Research and Practice
These Kujenga Amani essays explore the future of African peacebuilding research and practice.
“Narratives of resource control and ownership in the Niger Delta have not adequately addressed its water crises, especially with respect to a newly emergent neoliberal water market, social justice, and development; instead, most studies of the region have focused on oil. This essay, therefore, draws on a four-year ethnographic study in the region to examine how the emergent water market, driven by an ‘invisible hand,’ reconfigures contours of social justice and development in the affected communities.”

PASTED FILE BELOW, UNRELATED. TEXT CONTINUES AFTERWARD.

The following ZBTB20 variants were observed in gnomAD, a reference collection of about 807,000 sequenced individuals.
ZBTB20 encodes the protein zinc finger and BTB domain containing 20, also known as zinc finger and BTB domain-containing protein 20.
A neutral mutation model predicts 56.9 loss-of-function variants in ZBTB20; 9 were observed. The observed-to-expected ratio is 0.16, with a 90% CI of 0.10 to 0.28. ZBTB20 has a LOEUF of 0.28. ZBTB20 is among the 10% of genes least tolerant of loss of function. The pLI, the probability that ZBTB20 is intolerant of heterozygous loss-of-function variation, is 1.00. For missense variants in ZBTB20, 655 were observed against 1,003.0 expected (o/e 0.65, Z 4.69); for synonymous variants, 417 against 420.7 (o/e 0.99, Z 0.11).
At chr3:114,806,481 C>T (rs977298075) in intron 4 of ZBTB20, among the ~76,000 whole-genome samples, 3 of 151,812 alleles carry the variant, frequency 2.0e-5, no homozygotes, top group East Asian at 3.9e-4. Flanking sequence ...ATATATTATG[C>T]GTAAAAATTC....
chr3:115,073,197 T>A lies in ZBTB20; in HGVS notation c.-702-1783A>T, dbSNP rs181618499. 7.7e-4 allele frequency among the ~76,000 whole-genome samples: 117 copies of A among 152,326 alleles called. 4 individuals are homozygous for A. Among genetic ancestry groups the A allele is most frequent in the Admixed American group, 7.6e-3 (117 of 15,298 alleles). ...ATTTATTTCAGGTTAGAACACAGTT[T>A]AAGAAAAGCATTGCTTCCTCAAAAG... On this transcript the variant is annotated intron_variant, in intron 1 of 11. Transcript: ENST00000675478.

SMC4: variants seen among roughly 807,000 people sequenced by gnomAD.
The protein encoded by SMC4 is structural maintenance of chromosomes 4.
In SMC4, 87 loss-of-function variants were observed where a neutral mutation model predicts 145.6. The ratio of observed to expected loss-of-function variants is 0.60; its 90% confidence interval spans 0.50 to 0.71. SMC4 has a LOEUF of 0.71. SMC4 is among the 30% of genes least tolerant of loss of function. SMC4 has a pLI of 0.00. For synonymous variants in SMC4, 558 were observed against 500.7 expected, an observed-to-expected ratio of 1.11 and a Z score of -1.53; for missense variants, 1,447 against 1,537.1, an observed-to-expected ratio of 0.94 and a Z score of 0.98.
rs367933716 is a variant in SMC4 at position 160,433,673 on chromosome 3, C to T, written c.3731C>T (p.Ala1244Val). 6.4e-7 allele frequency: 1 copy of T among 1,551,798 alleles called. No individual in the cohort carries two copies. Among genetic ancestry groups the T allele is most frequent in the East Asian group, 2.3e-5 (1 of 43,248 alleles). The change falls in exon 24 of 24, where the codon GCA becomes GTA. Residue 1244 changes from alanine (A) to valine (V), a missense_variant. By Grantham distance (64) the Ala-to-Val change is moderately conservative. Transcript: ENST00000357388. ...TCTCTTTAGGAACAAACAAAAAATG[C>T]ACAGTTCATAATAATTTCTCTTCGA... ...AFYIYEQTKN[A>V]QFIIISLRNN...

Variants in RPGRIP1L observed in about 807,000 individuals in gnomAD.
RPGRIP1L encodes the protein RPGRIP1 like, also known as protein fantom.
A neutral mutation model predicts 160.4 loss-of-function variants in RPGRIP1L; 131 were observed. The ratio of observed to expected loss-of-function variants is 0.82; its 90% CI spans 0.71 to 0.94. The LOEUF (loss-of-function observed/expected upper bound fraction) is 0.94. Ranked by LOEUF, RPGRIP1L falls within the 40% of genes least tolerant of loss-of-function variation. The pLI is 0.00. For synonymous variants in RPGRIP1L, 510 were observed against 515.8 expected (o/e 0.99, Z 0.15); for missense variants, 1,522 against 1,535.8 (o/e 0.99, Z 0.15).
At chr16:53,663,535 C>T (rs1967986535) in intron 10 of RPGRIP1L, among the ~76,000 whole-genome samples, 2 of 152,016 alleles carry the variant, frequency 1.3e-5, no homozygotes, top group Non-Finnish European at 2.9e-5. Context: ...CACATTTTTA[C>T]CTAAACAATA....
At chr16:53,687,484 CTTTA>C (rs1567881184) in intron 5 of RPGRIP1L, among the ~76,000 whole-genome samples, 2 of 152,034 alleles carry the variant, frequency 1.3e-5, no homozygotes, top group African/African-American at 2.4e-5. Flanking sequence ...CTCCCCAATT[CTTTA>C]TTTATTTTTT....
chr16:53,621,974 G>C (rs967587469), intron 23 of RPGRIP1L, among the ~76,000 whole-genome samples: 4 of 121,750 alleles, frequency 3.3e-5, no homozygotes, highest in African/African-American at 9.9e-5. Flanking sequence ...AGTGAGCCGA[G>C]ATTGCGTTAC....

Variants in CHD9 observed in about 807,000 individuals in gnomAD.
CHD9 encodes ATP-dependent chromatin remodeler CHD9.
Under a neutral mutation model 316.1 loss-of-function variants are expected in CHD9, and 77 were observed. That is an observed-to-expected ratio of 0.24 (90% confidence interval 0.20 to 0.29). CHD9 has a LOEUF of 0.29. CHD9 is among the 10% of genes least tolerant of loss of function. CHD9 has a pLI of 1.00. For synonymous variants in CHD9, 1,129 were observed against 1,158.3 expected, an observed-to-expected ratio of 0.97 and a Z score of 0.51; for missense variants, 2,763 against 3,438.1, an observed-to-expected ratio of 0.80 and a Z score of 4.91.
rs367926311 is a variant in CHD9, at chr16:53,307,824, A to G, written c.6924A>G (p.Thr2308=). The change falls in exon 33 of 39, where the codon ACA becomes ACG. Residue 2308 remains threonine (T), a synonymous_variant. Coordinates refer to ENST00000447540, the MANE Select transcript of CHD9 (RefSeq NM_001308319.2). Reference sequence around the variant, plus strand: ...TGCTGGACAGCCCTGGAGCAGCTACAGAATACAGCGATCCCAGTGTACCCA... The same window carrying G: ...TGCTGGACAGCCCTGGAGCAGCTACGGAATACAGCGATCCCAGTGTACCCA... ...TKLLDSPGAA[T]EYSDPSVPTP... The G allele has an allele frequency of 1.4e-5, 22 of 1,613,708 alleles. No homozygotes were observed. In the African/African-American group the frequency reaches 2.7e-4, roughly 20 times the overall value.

“Leaders, clerics, and scholars at all levels should devise effective strategies to tackle the root causes of extremism and terrorism. The idea is to cultivate a culture of peace, tolerance, and acceptance of unity in diversity, based on diverse African values.”
“Evolving security concerns have globally and continentally provided an entry point to discussing gender, peace, and security, mainly by focusing on SGBV in conflict situations. If we look at these issues through the lens of terrorism, what new insights emerge?”
“This essay summarizes the conclusions drawn from a study funded by the African Peacebuilding Network of the Social Science Research Council. It seeks to explore the ways in which ex-combatants make the transition from the use of violence to peace. These conclusions challenge the view that ex-combatants have continued to be violent in post-apartheid South Africa, and they establish that, even though ex-combatants have held onto their military skills, they are peaceful citizens.”